Toys with hidden costs
By Joshua Wong
I bought my son a Leapster Explorer last Christmas (actually, Santa delivered it) and while the upfront cost was expected, the ancillary costs of this toy started to add up fast.
We bought two games to go with it from the start, but soon enough our son's interest in those waned, so we agreed to buy him two more. At $25 each, the hidden costs of owning a game system for my son's little hands were increasing. That's where we stopped, but there are many other toys with accessories that can get parents wishing that Santa had left the toy at the North Pole.
Not just batteries
Batteries are at the top of any list of hidden costs, although they shouldn't be too hidden when you buy the toy. Still, they're an ongoing cost, so we decided to go with the more expensive rechargeable batteries, which can cost about $30 with a charger. Other "extras" for the Leapster Explorer include a charging station for the handheld device ($40), carrying case ($15), and various bundles of games (up to $200) that cost less than buying them all individually.
One of the biggest drawbacks of any toy, however, is that the child will soon outgrow it. The Leapster Explorer, I soon discovered after the fact, is meant for children ages 4-7. Getting my son one when he was 6 didn't result in a toy he'd play with for years, and he's now asking for a Nintendo DS for Christmas. Fat chance.
3 popular toys with hidden costs
Here are some types of toys with hidden costs to be aware of before you pull out your credit card, or when your child sits on Santa's lap and tells him what he or she really wants for Christmas:
A world of their own. This can be anything from Barbie to Bakugan, where a world is developed around the toy and accessories help expand the play. Who wants to play with a Barbie doll by herself? She has to have other doll friends to play with, not to mention cars, houses, clothes and hair extensions.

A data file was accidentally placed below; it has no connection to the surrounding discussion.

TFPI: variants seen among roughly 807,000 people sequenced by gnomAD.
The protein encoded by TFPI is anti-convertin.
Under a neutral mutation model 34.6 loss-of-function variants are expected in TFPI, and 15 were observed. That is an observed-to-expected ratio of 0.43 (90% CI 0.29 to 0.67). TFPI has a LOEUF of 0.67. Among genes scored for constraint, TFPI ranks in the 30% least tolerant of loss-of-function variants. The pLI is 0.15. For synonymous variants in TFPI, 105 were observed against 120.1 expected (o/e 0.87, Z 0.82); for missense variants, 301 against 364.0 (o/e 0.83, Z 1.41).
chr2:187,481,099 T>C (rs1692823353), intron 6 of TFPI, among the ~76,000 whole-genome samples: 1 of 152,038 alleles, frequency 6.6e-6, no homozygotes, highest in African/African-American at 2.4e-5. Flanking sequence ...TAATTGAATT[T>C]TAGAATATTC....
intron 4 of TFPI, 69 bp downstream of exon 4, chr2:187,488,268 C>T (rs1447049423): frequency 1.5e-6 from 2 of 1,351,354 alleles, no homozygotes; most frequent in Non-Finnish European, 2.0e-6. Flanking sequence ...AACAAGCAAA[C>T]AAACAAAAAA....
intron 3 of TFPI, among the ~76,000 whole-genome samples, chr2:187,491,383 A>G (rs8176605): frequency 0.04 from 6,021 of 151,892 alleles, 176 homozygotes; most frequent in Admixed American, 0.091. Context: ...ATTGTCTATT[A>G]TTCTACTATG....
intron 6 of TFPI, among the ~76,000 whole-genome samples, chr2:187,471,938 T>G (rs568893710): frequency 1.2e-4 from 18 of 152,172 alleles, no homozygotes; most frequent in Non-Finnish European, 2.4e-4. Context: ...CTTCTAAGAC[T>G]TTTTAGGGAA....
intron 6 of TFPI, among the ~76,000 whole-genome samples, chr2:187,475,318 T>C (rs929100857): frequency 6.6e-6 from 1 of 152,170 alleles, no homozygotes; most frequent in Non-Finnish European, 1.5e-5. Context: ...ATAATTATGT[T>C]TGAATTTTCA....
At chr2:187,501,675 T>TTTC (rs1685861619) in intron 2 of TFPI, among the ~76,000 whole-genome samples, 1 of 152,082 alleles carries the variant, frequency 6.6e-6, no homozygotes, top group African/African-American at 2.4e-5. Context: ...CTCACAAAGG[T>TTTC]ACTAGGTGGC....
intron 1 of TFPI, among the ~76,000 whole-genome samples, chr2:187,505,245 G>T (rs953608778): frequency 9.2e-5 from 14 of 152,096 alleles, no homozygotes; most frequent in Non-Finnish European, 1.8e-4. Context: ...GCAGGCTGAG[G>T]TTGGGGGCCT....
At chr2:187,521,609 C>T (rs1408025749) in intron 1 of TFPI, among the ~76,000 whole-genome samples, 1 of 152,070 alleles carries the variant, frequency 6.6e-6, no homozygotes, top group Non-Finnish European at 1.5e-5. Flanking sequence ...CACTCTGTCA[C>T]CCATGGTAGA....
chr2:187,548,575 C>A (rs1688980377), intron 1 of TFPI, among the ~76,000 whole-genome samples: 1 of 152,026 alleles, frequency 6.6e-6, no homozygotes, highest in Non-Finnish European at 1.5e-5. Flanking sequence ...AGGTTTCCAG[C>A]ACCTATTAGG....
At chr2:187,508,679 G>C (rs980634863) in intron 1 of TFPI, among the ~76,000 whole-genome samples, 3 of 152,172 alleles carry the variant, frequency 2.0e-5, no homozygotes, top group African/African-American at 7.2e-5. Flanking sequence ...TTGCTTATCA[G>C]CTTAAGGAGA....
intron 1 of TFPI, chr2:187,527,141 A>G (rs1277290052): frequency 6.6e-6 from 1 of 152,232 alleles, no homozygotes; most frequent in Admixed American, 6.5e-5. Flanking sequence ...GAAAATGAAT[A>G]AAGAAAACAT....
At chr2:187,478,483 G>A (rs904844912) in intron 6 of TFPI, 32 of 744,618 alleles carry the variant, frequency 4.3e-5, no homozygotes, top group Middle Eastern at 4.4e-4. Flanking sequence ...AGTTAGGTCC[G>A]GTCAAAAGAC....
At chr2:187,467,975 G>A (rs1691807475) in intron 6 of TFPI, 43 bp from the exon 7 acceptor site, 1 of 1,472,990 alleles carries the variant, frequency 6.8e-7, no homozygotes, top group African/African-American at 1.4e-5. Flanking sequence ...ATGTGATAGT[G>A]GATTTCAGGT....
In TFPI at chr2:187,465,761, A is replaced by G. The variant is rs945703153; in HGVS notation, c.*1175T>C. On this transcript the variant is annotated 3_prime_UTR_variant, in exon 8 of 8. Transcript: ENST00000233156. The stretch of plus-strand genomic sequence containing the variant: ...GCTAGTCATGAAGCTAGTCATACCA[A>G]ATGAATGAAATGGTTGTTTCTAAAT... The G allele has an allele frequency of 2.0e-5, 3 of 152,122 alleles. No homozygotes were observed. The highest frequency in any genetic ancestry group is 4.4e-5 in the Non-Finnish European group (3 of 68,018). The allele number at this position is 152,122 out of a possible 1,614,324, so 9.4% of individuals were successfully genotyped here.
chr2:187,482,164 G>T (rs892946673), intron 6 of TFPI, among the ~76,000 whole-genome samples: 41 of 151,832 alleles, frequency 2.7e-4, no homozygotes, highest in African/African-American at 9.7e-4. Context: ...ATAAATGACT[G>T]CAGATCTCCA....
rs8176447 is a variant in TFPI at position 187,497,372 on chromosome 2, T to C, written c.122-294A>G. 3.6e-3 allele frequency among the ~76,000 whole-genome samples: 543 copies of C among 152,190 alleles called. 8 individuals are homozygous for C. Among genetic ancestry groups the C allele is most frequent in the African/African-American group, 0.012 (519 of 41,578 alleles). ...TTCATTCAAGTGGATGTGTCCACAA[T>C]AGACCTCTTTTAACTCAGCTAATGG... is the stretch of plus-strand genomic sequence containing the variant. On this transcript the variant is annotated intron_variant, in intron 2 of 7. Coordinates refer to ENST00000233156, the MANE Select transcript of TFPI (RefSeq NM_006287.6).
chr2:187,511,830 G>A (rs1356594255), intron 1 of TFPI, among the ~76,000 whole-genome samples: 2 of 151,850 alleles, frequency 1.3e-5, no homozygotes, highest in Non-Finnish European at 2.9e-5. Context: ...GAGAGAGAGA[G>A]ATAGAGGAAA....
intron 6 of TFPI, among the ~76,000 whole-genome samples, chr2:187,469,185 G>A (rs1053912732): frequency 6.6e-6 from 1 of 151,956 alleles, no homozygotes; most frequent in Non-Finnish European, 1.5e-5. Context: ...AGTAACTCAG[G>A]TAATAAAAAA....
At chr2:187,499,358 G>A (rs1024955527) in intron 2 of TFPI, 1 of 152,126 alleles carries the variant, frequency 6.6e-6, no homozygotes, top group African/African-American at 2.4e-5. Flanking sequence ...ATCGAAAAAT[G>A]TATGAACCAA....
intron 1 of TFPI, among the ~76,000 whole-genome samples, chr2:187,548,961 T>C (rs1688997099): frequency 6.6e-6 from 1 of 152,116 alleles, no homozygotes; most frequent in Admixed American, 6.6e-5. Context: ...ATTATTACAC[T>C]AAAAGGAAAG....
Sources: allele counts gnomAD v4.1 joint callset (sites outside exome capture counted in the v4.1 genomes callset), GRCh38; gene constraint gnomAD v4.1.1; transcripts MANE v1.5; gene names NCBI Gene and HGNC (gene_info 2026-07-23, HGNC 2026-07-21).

Bakugan, a sphere that transforms into a creature, is another toy where having just one won't suffice. The accessories are numerous: a $19 glove to help spin the toy faster, a $10 rack to hold the toys (or go crazy with a $35 rack), or a $17 carrying case. The Bakugan toys themselves, which players roll against each other in "battle," are only $10, an enticing entry price to get parents thinking this isn't an expensive toy after all.
Updated games. This goes back to the Leapster Explorer and other electronic games, where it's important to remember that just like toys for adults (iPad, iPhone, Kindle, etc), there are new versions of games coming out all the time.
If having the latest game is important for your child, and you know they won't want to play with it when a newer version comes out (or will beg for the newer one), then you might want to avoid toys such as the Nintendo 3DS. A new version of the handheld gaming system hasn't been announced lately, but new games come out every month, meaning a hot, new game will likely come out that your kid will want much more than the "older" one he got a month ago.
Collectibles. These may not be right for every kid, since playing with them could ruin their value if your plan is to keep them in pristine condition and someday pay for your child's college education with them. But as with Barbie and other dolls, the accessories can add up fast. Some toys give a feeling of nostalgia even though they aren't old, and high demand can drive up prices.
Some "Toy Story" toys, such as the "Bullseye" horse that is already sold out at some places, are collected by adults who want to relive their childhood. Adding fun trinkets to your desk may make it a more fun place to work, but adding every toy character from the movie may cost a lot more than you bargained for.
Have you ever gotten your kid a toy that wound up costing a lot more than you originally thought? How do you save money on holiday shopping for kids?